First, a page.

I am pretty much convinced that the Universe is not under my control. The corollary to that is that sometimes the conscious choices you make are a result of the lessons that the Universe has sent your way.
Way too philosophical.
To understand my convoluted thinking I have to start this story in the middle.
I got there because a friend of mine won a trip there in a raffle. A “put your name in the bowl” type raffle. What are the odds?
She had lots of friends and family that she really wanted to accompany her but, for one reason or another, none of them could go. I was about ninth on the list. But when she asked me I JUMPED at the chance. What are the odds?
I had always wanted to go to Antarctica. ALWAYS.
As I boarded the boat in Ushuaia, a man with a name tag that read “Jim” saw my name tag and said, with a wonderful Irish brogue, “Gael, as in Gaelic?”. He had a friend for life. Someone who would NEVER misspell my first name. He was the ornithologist and one of the cytologist experts.
Another expedition leader that piqued my interest was Ingrid. She was a naturalist with a long background as a park ranger at Denali National Park and a long background in storytelling.
She told stories that fascinated me and the result was a reawakening of my desire to write. And how I told stories.
Antarctica woke up many things in me that I had forgotten or put aside or ignored for quite awhile. Mostly the white ice, blue icebergs, singing penguins, lazy seals and blowing whales gave me colors that could fill my loom and experiences that would fill my head.
Some of the colors were muted. The grays and whites of a seal.
Some were amazingly bright.
Some color was unique to Antarctica.
Our last day on board this tartan was posted. It was named Antarctica. And it was beautiful.
It was a REGISTERED tartan so it was not available for anyone to weave. I wondered if I could design a tartan around what I saw and felt in Antarctica.
I returned home and began to write.
I also began to design a tartan. A unique tartan.
That took a bit of research. Scotland is serious about the use of the word tartan. It must meet specific guidelines as to color and design. It isn’t a true tartan until it is registered with the Tartan Registry.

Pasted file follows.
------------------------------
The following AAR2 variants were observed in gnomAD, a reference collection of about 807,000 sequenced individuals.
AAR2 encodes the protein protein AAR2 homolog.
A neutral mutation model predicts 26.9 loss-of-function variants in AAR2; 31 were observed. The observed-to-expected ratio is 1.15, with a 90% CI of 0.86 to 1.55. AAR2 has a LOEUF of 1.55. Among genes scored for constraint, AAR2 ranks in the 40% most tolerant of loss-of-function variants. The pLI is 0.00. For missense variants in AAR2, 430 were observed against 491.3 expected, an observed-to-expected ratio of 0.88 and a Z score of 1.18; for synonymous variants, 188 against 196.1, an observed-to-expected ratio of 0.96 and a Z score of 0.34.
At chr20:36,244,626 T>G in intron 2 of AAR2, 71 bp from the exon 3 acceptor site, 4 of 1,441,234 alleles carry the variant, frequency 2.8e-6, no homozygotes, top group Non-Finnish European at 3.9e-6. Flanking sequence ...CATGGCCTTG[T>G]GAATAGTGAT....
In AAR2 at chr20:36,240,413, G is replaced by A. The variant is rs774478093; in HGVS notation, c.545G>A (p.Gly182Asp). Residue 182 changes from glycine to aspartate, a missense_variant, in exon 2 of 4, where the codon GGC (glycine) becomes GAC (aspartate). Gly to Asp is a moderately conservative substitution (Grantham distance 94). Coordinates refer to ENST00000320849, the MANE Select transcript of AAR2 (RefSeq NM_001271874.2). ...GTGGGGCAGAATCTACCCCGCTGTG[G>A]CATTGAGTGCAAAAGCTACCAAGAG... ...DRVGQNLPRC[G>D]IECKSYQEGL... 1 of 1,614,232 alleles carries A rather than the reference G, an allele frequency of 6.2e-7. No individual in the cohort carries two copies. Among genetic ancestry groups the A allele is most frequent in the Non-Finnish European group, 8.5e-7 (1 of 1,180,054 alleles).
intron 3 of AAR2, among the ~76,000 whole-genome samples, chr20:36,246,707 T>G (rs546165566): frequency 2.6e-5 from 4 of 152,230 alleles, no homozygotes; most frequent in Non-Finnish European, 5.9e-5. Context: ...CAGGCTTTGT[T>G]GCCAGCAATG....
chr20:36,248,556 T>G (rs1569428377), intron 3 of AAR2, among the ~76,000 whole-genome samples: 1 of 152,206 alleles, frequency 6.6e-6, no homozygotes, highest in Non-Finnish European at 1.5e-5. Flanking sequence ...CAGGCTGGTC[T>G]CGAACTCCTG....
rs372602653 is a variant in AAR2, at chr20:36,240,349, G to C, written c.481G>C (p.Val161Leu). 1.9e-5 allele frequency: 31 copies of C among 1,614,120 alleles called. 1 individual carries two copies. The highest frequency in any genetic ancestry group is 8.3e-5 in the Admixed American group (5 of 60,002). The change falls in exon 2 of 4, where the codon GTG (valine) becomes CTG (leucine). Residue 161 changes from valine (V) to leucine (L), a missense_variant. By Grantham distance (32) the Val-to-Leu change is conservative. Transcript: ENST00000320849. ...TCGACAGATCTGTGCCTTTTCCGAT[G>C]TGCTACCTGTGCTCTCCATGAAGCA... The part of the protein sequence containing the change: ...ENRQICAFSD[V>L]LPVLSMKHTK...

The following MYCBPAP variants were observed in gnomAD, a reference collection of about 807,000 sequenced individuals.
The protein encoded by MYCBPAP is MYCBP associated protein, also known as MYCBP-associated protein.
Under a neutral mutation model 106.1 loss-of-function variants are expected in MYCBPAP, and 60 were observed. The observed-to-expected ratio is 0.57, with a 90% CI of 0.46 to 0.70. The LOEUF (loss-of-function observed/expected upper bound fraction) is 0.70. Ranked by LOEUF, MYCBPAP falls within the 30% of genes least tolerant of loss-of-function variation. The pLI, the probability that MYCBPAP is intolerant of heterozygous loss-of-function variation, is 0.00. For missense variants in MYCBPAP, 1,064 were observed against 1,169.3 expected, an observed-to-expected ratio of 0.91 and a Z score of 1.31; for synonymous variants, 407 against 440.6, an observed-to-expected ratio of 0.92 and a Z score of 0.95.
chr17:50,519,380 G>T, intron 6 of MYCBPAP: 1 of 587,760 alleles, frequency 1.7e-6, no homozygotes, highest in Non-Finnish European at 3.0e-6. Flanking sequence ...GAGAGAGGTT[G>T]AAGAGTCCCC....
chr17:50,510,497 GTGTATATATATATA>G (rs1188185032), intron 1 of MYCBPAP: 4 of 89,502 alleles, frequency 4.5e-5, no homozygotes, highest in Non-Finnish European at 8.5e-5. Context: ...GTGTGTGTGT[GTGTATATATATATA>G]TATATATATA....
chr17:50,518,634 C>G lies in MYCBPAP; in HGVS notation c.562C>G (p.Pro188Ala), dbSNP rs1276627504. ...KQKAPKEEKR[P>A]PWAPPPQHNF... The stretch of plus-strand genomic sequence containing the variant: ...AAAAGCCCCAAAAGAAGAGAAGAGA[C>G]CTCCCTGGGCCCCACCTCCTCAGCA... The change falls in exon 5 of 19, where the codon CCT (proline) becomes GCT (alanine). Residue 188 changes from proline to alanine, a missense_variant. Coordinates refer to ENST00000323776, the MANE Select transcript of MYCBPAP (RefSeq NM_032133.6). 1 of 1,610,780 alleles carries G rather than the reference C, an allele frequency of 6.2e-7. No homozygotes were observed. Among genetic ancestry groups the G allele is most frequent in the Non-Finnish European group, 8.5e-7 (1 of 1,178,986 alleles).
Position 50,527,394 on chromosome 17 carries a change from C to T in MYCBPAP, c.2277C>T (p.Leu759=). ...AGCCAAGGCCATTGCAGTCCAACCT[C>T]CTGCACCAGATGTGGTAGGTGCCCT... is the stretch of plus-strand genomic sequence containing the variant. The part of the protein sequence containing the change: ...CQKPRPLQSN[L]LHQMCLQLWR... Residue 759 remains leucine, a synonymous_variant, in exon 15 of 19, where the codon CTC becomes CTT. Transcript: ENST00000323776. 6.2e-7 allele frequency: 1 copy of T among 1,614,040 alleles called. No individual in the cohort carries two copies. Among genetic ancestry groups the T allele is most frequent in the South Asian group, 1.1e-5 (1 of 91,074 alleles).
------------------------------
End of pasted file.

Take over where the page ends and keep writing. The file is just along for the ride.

Feeling a little out of my depth, I contacted Jim. In Ireland. I wanted to know if there was a registration for Irish tartans. (there isn’t) and I wanted his input on the design. He has been a godsend.
The prototype for the design has been submitted to the registry. The tartan, if accepted, will be named the “Edward Bransfield Commemorative” tartan.
And who, you may ask, is Edward Bransfield? He was an Irish Antarctica explorer who is credited with the first sighting of the Antarctica Peninsula. And Jim is the chairman of the Remembering Edward Bransfield Committee in their mutual home town in Ireland.
What are the odds that a weaver would meet a person who as the chairman of a committee to build a monument to an Irish explorer was excited about a tartan?
Which leads me to where Ingrid fits in this story.
We had been communicating through various social media since I got back. Mostly short notes about her work and my efforts to improve my storytelling. But I sent her a copy of the prototype.
She asked how I got started into weaving. What are the odds that she would ask that question? It has been asked before. So I looked back at an old writing.
And, I repeat myself, the Universe started this epoch.
IN 2014, I was planning my retirement. I thought I would try weaving.
Weaving? Ms. Not Domestic? Really? Why?
I wrote about it.
The Universe. I am telling you. It is all tied together.
It all matters.
You have an incredible gift of storytelling. I am mesmerized by your musings, and in awe of your talent. I am a lover of Alaska and it’s incredible beauty. When you talked about your new friend, who gets to work in Denali, it brought back such beautiful memories. We are making our third trip there this summer.